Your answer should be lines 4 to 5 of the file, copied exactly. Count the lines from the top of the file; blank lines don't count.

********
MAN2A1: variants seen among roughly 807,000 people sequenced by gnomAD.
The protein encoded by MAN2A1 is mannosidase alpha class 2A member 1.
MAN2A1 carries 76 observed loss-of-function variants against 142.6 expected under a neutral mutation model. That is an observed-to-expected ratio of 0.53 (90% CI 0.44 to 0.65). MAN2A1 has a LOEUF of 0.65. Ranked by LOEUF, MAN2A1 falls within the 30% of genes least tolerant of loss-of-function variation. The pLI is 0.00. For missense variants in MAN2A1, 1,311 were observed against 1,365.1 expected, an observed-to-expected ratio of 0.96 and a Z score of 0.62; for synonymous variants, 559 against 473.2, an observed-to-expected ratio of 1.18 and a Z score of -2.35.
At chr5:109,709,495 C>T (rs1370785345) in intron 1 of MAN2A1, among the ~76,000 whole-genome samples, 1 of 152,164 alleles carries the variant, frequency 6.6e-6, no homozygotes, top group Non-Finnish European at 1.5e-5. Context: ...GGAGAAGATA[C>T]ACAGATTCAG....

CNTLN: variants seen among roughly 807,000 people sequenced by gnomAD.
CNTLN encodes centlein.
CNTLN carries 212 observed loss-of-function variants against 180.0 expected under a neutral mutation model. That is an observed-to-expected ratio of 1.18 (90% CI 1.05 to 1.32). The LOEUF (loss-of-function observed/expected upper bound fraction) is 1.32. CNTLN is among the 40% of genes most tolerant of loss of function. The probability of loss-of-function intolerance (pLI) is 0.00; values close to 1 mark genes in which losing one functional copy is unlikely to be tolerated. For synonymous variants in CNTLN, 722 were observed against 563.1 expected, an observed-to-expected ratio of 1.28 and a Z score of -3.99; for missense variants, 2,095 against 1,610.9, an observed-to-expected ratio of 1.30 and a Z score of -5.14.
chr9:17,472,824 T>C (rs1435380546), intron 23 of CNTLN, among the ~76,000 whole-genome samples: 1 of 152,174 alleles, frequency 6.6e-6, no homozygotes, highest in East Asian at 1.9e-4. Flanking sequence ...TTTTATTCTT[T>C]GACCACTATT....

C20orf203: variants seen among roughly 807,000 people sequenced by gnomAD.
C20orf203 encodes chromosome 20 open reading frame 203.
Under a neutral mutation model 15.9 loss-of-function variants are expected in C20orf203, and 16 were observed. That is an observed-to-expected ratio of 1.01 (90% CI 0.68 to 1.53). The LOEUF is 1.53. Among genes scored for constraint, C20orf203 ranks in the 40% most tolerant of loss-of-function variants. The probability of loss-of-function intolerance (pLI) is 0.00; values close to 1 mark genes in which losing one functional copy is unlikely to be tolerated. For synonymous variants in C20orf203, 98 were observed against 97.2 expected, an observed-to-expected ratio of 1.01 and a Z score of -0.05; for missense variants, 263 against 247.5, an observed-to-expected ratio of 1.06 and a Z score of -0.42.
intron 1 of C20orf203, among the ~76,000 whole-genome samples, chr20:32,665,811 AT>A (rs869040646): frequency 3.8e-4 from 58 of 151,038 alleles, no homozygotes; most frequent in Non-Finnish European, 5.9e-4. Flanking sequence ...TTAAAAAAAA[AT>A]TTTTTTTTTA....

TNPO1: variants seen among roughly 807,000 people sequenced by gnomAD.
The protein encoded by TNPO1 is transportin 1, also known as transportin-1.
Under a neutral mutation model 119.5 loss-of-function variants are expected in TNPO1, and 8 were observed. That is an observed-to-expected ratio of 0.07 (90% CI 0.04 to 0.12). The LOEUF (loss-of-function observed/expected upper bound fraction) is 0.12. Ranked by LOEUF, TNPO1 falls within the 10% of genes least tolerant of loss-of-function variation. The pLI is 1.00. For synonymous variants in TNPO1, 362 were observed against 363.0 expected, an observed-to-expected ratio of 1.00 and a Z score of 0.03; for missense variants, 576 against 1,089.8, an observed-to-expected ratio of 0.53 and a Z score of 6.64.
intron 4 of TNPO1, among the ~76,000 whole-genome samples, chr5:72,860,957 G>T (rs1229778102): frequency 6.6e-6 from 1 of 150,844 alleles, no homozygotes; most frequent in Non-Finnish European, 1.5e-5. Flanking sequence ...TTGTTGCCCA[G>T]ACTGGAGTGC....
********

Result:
At chr5:109,709,495 C>T (rs1370785345) in intron 1 of MAN2A1, among the ~76,000 whole-genome samples, 1 of 152,164 alleles carries the variant, frequency 6.6e-6, no homozygotes, top group Non-Finnish European at 1.5e-5. Context: ...GGAGAAGATA[C>T]ACAGATTCAG....

CNTLN: variants seen among roughly 807,000 people sequenced by gnomAD.